Weiner, Leo


Weiner, Leo

Concertino, Op. 15 for piano and orchestra

SKU: 4060 Category:


Leo Weiner – Concertino Op. 15 for piano and orchestra

(b. Budapest, 16. April 1885 – d. Budapest, 13. September 1960)

Leo Weiner was born in Budapest. At age 16 he began studies at the Budapest Academy of Music. Between 1903 and 1908 he won numerous competitions with his compositions and became known as the “Hungarian Mendelssohn.” From 1908 to his death, he taught at the Academy. Among his notable students were Fritz Reiner and Georg Solti.

His compositional style remained rooted in late Romanticism, but underwent some modifications from the late 1920s on. The two-movement Concertino for piano and orchestra appears to be on the cusp of these new directions. Possibly influenced by his contemporaries, Béla Bártok and Zoltán Kodály, Weiner began to incorporate Hungarian folk melodies into his compositions. For example, his Op.18, the Hungarian Folk Dance Suite for orchestra and piano even recognizes that feature in its title. Probably Weiner drew from the collections that Bártok and Kodály were creating from their fieldwork efforts, as there is no evidence that he actually pursued active recording and collecting of folk materials.

In the Concertino there does not appear to be actual quotations of folk tunes, but from time to time the sound effects that Weiner requires from the piano resemble those of the cimbalom. A form of that instrument had been used in various cultures and certainly in Hungary ever since the 1500s. In that country a concert cimbalom was the invention of V. Josef Schunda in 1874. He expanded the dulcimer-like instrument to a four-octave chromatic range and placed it on a pedestal. Along with expanding the tonal variety present on the earlier Hungarian forms with one end covered by felt and the other not-covered, he added pedals so that its sounds could be muted. This instrument was deliberately produced to foster a stronger Hungarian national identity and soon became extremely popular. Both Kodály and Bártok began in 1926 and 1928 respectively to use this actual cimbalom in their concert works.

As previously indicated Weiner did not use the actual instrument, but he treats the piano part occasionally in such a way that in a performance one could hear the sharp, biting attack with resonance that is typical of the cimbalom. Certainly Weiner would have regularly heard it in performances of light music played by urban bands. In this Concertino he creates cimbalom-like effects with detailed pedal markings. For example, he requires the piano’s damper pedal to be held down throughout the execution of a rapid almost four-octave E major scale just after rehearsal number 4 in the first movement. Later on, he specifically notes with the pedal markings that they must be strictly followed and a pedal change must not be made. Possibly another aspect that Weiner had noted about the cimbalom was its ability to blend particularly well with wind instruments. The wind ensemble of two flutes, two oboes, two clarinets and two bassoons play an important role in this score. In fact, they present the opening seven bars of the first movement before the pianist enters with a 17-bar cadenza. This procedure is then repeated before the strings make their first entrance at number 2, bar 48, of the score.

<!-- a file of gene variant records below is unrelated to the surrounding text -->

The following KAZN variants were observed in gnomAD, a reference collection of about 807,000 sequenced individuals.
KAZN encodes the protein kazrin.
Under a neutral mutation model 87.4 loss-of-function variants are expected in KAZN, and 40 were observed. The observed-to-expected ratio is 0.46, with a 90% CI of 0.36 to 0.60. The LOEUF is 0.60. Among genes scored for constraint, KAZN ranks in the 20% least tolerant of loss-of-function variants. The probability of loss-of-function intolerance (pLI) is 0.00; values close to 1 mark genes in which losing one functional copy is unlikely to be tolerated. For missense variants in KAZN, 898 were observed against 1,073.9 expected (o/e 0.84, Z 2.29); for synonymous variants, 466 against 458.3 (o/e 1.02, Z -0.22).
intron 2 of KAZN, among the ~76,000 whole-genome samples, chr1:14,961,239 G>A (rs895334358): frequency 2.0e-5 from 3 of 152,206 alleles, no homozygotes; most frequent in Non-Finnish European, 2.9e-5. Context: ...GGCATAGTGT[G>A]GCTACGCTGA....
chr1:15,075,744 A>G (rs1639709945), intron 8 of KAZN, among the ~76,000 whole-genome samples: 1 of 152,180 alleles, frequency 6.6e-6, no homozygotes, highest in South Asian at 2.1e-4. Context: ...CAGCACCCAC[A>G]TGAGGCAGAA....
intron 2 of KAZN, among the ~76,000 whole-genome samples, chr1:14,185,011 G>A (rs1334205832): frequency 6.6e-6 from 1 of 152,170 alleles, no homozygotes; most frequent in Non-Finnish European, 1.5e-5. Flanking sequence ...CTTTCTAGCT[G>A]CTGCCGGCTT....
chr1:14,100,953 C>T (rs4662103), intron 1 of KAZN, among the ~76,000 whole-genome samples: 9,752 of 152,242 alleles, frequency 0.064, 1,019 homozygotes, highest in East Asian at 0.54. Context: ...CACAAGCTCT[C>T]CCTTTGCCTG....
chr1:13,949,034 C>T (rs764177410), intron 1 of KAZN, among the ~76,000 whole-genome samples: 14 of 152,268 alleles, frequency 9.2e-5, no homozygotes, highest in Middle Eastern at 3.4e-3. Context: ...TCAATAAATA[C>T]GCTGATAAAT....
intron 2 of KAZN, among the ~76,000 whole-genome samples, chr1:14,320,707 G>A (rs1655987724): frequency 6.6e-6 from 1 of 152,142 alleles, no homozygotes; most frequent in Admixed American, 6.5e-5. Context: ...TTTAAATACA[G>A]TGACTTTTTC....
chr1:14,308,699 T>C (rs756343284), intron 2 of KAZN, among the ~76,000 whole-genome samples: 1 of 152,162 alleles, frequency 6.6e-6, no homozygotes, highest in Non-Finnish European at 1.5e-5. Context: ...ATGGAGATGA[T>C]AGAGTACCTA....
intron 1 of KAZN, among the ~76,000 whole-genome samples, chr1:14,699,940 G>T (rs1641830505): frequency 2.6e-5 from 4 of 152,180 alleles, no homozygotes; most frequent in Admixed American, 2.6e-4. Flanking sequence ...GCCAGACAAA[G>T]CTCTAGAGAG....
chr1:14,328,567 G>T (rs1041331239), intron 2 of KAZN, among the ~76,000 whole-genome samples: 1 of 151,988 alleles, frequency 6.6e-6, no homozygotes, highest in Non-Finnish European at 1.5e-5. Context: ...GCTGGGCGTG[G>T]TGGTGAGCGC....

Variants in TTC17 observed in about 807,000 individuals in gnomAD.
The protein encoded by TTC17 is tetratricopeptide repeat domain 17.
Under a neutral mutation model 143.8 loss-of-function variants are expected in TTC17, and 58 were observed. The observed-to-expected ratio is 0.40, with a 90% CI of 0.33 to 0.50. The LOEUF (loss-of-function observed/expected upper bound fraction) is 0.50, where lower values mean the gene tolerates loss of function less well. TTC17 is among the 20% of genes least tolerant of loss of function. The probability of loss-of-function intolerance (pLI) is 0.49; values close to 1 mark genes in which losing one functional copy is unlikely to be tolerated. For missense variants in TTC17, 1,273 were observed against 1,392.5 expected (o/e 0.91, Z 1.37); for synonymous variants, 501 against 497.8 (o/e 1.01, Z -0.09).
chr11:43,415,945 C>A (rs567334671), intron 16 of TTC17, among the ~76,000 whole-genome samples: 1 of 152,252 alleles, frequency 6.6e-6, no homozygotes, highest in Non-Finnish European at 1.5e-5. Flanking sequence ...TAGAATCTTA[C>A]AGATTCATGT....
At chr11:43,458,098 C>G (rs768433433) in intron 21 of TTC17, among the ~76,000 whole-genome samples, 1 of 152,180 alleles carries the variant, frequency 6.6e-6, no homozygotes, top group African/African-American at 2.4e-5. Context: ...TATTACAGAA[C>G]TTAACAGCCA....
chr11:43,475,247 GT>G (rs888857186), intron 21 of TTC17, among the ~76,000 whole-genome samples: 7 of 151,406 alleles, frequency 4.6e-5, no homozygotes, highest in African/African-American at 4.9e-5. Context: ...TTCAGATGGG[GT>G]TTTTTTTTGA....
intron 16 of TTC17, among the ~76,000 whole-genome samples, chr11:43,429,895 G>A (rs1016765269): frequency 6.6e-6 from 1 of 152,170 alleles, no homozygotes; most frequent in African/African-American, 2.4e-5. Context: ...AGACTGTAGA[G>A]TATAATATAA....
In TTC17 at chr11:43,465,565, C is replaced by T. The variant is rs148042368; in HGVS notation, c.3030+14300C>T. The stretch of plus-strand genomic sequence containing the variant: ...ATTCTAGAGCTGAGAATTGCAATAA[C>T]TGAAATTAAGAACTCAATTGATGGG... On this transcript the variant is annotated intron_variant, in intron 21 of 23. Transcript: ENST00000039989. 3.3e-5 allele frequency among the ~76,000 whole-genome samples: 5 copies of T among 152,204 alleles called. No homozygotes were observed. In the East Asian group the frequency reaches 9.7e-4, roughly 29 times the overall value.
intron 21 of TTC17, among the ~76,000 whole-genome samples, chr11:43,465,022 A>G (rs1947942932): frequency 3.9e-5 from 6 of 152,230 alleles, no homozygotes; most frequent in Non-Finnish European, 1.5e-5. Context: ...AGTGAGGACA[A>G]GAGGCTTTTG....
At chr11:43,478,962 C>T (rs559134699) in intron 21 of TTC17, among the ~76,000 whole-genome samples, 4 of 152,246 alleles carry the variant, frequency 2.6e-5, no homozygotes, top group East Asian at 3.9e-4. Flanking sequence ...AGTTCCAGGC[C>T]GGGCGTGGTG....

Overall the pianist is present throughout most of the two movements with brief interludes where the orchestral instruments and the piano dialogue about the musical materials. Both movements begin in the key of E minor but triumphantly conclude in its tonic major. The first movement is more varied in character and Weiner’s annotation of “amabile” is appropriate for its materials. The second movement introduced by the piano is much faster and dance-like in character. There are interesting cross-rhythms of two against three that become a preparation for the 6/8 time signature of the E major conclusion. At times in this movement Weiner draws on modal scales as a contrast to his frequent use of pure chromaticism. The interval of the tritone, a distinguishing characteristic of late Romanticism, plays a significant role in this movement as well.

Elaine Keillor, C.M., ARCT, PhD, Hon. Mus.Doc., 2018

For performance material please contact Universal Edition (www.universaledition.com), Vienna.

Score No.



Repertoire Explorer


Keyboard & Orchestra


210 x 297 mm